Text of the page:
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Record of the Orally Transmitted
Teachings of Nichiren Daishonin

- Ongi Kuden -

Chapter 24: Bodhisattva Wonderful Sound [Myo'on Bosatsu]

To work out solutions according to the suffering of others is compassion and is called bodhisattva. Bodhisattva Myo'on is all living beings of the ten worlds. 'Wonderful' means mystic. 'Sound' means the words, speech, sounds and voices uttered by all living beings which are themselves the sounds and voices of Myoho Renge Kyo. Now 'Wonderful sound' means the chanting of Nam Myoho Renge Kyo by Nichiren and his disciples. This [chanting] is the 'Wonderful Sound' in the present age of Latter Day of the Law. The reason that the Daimoku is the mystic sound is because it transforms earthly desires into enlightenment and the sufferings of birth and death into nirvana. To work out solutions according to the suffering of others is compassion and is called bodhisattva. (Gosho Zenshu p. 774)

The sutra states, "At that time, Shakyamuni Buddha emitted a beam of bright light from the knob of flesh [on his head], one of the features of a great man, and emitted a beam of light from the tuft of white hair between his eyebrows illuminating the Buddha worlds in the eastern direction equal in number to the sands of one hundred eighty thousand million nayutas of Ganges." (LS p. 290, 3LS p. 312)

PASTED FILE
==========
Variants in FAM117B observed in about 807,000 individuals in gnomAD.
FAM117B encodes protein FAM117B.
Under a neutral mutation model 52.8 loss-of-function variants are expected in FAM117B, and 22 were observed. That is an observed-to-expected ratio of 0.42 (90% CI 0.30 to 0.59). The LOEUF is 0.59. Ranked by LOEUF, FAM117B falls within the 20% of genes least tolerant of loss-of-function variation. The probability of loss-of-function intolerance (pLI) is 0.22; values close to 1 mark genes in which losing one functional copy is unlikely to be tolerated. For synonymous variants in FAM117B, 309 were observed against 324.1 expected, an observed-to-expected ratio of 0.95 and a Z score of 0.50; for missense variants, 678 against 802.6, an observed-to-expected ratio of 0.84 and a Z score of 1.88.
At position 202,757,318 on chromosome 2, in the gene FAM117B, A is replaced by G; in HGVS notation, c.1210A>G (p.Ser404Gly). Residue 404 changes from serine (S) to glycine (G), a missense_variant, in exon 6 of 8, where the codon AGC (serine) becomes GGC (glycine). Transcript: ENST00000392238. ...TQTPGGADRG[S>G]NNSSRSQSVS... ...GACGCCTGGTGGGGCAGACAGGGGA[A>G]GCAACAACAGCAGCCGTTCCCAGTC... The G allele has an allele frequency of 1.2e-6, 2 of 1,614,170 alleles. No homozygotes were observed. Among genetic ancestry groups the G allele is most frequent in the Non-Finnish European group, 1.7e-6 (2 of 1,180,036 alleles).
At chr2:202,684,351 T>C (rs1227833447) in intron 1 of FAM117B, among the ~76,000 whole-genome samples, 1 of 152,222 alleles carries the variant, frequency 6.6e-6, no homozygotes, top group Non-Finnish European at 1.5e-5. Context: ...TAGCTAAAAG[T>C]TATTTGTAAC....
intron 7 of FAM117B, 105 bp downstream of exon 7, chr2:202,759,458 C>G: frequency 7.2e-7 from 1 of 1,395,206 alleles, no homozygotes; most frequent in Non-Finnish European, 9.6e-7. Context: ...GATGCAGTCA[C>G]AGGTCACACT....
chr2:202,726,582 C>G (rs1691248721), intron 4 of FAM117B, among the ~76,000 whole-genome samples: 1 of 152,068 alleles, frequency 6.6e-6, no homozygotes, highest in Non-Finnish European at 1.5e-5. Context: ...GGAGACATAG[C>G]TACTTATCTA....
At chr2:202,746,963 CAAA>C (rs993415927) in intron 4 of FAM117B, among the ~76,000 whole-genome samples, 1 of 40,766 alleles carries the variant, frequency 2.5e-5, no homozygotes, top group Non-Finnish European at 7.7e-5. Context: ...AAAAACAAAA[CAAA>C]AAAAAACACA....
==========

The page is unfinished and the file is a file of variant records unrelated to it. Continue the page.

These two marks result from filial conduct and obedience to one's teacher. To uphold the Lotus Sutra is the pinnacle for all filial behavior. The 'white tuft' indicates the carnal desire of the father and the 'knob of flesh,' the carnal desire of the mother. The red and white fluids appear in this sutra as these two marks. The 'knob of flesh' represents the wisdom of true being that accords with conditions and the white tuft, the principle of true being that is unchanging. Now Nichiren and his disciples who chant Nam Myoho Renge Kyo are endowed with these two marks. When we are first born, we are red in color; this corresponds to the knob of flesh. And the white bones that remain after our death correspond to the mark of the white tuft. Our red color at birth indicates the wisdom of true being that accords with conditions, while our white bones after death indicate the principle of true being, which is unchanging. This should be kept secret and not told to others. (Gosho Zenshu p. 774)

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